Note that in both recipes the mushrooms are pulsed fine in the food processor so that very little evidence remained (hide them from children detection) but even small they are sponges of flavor, absorbing all the simmering juices in the pan as they cook and in the end, little to no 'mushroom' comes through, just an additional depth of flavor. Cooking part of the meat with the mushrooms is no accident. This too lightens the stuffing but has the added benefit of providing a taste testing for seasoning before being wrapped in cabbage.

This recipe serves at least 9 with extra-large appetites, or as many as 15 'normal' hungry eaters when served with potatoes. I assemble the rolls the day ahead and bake them the next day, almost always for a group. Let cold rolls to come up to room temperature before cooking and/or allow for increased bake time.

Raw pulsed mushrooms, meat, onion, bacon grease./Cooked with parsley and bread crumbs
German Cabbage Rolls

1 Tablespoon bacon grease
8 oz white mushrooms, minced fine
1 medium onion, minced
1 lb ground pork
1 Tablespoon tomato paste
1 teaspoon smoked Spanish paprika
1 teaspoon marjoram
1/2 teaspoon ground mustard

salt and black pepper to taste
1 Tablespoon apple cider vinegar
1 cup bread crumbs
1/3 cup rice (optional)
1/2 bunch parsley, chopped (approx. 1 cup)
2 lbs lean ground beef
2 eggs

2-3 cups chicken broth

In a large skillet, melt the bacon grease. Add mushrooms, onion, and ground pork. Cook, breaking pork into small bits and add tomato paste, paprika, marjoram, and the ground mustard. Cook until the pork has lost any hint of pink, stirring to infuse the spices and allowing any residual moisture from the mushrooms to cook off and the meat mixture to thicken. Taste to season the meat, remembering that another 2 pounds of raw hamburger are added to the stuffing, so the mixture should be salty to compensate. Allow the mixture to cool a bit and then add the vinegar, bread crumbs, rice, parsley, beef and two eggs. If preparing ahead without the intention of cooking immediately, allow the pork mixture to cool completely before adding the uncooked meat. 

To stuff/roll the cabbage leaves: 

1 head cabbage, tough outer leaves removed, thick stem removed

In a large pot of simmering salted water, submerge the cabbage completely. Allow the head to simmer a few minutes and when the outer leaves appear slightly translucent and wilted, remove with kitchen tongs. Continue to remove leaves until the leaves are too small to roll. Allow each layer to cook a few minutes if they do not easily come loose with the tongs. Let the leaves to drain of any water and come back to room temperature so they are easier to handle.

Large leaves can be cut in half and rolled with the thick middle spine either removed completely or cut thin. Smaller leaves should have the middle vein trimmed to match the thickness of the rest of the leaves so rolling is easier and they evenly cook.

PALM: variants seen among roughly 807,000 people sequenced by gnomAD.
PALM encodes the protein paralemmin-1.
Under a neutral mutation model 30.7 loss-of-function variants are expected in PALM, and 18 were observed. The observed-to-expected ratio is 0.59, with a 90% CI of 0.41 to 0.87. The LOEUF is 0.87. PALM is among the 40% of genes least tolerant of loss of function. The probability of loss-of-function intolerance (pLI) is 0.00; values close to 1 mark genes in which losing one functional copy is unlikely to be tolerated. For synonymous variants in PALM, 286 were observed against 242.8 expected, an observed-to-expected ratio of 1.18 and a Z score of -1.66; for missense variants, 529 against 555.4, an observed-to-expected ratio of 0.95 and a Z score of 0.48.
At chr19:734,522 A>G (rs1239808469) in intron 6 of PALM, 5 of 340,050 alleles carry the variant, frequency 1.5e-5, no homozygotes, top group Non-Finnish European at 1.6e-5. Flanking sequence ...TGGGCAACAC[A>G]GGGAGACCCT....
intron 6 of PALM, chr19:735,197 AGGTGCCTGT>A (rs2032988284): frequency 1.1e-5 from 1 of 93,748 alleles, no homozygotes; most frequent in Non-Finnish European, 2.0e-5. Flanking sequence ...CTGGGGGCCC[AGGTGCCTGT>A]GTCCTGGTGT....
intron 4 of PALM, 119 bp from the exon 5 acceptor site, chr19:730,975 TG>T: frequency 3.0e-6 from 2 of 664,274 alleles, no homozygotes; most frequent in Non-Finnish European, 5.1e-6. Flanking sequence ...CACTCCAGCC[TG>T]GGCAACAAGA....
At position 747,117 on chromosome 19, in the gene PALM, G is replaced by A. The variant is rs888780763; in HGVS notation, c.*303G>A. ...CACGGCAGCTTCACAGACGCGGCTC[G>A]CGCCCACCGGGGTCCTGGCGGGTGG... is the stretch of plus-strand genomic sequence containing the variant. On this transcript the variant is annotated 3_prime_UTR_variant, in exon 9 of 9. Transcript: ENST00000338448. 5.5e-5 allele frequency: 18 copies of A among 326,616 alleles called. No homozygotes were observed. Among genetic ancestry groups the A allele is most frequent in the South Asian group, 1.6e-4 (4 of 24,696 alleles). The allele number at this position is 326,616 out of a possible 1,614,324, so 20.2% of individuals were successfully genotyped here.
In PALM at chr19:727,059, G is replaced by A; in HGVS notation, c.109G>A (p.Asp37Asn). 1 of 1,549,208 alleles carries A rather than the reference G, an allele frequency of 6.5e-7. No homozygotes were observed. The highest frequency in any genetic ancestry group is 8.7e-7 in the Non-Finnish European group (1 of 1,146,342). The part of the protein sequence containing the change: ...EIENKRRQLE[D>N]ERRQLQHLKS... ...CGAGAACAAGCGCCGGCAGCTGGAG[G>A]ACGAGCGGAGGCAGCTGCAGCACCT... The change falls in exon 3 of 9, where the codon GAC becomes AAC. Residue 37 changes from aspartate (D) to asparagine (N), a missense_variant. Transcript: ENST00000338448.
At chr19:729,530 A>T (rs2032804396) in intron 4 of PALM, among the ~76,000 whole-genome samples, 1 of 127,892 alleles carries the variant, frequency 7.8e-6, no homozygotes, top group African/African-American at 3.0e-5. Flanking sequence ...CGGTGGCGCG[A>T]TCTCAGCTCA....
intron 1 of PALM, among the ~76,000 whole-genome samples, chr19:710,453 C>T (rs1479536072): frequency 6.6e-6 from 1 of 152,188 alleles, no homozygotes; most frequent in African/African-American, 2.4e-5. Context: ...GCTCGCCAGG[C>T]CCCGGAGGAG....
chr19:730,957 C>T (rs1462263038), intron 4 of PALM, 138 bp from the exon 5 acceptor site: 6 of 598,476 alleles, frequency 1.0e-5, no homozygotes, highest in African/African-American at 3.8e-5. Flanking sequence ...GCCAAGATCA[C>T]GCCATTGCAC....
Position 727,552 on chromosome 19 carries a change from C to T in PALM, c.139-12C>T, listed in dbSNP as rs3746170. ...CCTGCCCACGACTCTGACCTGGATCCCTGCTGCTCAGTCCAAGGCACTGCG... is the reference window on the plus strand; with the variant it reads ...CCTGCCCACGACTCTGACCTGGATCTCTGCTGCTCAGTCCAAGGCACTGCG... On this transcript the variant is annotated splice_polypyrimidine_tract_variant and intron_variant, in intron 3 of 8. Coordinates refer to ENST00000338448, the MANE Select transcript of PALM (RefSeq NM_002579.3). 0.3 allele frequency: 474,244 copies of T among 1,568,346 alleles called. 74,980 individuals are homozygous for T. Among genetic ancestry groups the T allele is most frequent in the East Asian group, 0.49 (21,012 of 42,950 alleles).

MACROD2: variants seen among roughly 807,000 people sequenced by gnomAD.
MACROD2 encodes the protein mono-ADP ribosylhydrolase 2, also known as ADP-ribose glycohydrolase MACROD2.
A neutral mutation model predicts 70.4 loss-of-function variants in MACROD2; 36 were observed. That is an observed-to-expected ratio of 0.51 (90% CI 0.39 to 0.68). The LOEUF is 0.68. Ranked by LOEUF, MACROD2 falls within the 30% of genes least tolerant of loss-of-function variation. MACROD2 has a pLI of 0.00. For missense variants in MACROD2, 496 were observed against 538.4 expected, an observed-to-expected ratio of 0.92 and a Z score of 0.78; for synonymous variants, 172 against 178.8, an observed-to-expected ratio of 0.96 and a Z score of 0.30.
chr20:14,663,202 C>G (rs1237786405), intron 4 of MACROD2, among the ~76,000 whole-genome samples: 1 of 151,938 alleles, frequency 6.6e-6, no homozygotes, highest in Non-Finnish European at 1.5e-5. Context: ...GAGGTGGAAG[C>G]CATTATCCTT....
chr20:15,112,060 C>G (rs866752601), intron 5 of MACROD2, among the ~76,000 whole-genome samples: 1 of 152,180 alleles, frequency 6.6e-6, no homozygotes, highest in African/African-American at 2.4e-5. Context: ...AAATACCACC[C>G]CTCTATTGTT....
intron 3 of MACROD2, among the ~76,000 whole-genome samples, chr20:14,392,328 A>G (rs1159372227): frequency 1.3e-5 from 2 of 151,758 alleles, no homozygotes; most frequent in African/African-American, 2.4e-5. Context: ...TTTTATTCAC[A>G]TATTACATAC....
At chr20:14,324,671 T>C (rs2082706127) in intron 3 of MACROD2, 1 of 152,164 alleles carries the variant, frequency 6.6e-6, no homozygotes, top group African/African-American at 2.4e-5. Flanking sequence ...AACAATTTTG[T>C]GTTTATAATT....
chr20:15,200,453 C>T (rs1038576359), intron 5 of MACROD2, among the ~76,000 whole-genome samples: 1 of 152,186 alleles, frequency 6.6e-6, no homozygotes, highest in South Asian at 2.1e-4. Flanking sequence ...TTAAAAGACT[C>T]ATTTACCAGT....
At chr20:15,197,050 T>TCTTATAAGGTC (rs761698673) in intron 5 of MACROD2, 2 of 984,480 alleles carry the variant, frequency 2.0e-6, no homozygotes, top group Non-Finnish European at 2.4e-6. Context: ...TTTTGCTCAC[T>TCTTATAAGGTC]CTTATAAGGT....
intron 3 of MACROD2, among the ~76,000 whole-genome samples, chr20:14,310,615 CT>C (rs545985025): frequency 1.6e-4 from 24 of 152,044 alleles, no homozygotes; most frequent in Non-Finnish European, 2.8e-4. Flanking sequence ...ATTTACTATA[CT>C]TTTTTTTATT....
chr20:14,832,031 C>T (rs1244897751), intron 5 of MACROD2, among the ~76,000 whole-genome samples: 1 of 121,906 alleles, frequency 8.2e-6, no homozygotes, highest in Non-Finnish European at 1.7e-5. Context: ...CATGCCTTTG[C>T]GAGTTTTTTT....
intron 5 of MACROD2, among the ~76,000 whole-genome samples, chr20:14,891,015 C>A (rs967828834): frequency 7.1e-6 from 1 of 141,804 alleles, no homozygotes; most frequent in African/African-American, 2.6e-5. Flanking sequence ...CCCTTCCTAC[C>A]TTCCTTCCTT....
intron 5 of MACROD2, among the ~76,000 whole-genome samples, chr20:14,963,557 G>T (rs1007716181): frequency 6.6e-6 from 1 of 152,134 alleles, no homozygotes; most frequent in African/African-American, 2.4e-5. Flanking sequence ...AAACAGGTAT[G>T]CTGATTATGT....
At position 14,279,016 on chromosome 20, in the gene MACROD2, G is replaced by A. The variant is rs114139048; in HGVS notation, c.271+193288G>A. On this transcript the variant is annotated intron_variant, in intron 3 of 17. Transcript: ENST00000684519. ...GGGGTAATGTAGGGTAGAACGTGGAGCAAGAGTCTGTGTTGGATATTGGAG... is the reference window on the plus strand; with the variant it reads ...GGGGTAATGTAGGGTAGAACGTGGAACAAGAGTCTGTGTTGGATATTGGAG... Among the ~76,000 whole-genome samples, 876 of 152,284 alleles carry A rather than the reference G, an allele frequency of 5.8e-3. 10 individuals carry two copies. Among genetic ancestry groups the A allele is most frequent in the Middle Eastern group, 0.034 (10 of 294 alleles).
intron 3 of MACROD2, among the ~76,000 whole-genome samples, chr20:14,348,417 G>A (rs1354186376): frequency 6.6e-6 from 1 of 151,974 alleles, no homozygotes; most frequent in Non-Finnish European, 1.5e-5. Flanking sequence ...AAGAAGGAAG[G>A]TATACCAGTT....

Depending upon the size of the cabbage, there will be a varying number of leaves to stuff. The cabbage used in this recipe had approximately 40 leaves worthy of stuffing. Weighing the meat mixture revealed it to be 4 lbs. Dividing 4 lbs by 40 resulted in just under 2 ounces per roll, or about 1/4 cup. Based on these measurements, you should be able to make a reasonable estimate on how much each of your stuff-able leaves should have for filling.
Lay the meat mixture in the middle of the leaves. Fold the sides over the ends and roll to make a secure bundle. Lay the rolls seam side down in the pan. They can be stacked in two layers. Pour the chicken broth over the rolls and up to the edge of the pan. They can be refrigerated at this point or baked in a 350-degree oven (covered) for 1 1/2 hours or until they are bubbly and cooked through. They can also cook at 325-degrees for as long as 2 hours, depending upon the timing needed, cabbage rolls are forgiving.

I prefer to serve German cabbage rolls with fried potatoes, but they would be equally good with boiled or mashed. Fried potatoes are best made from baked russet potatoes. Allow them to cool and then slice. Fry in bacon grease. Salt and pepper to taste. I fry mine in batches and then move to the oven to keep warm (while the cabbage rolls are cooking.) The pan can then be used for making the gravy.

Fried potatoes can also be made the day ahead and reheated in the oven uncovered for approximately 30 minutes at the end of the cabbage roll baking time, stir as they reheat to encourage an even browning.
2 1/2 Tablespoons milk
2 1/2 Tablespoons cornstarch
1/2 Tablespoon cooking Sherry (or 1-2 teaspoons apple cider vinegar)
Salt and pepper to taste

Mix the milk and cornstarch in a small bowl. Remove the cabbage rolls and place on a high-sided serving platter, covered with foil to keep warm. Strain the cabbage roll cooking juice into a large fry pan and bring up to a simmer. Add the milk and cornstarch mixture, stirring until the gravy has thickened. Remove from heat and add the sherry/vinegar, salt and pepper to taste. 

Pour over the cabbage rolls in the platter and serve immediately with potatoes and a nice German beer.

Recipe makes 12-15 servings. 

Tuesday, March 11, 2014

TIP: Freezing Hamburger

Work from home? Single? Married and work ridiculous hours? Huge family pulled in every direction; need meals ready in minutes? Frozen hamburger patties are great for nearly any meat-eating situation (vegetarians may not appreciate this tip as much.)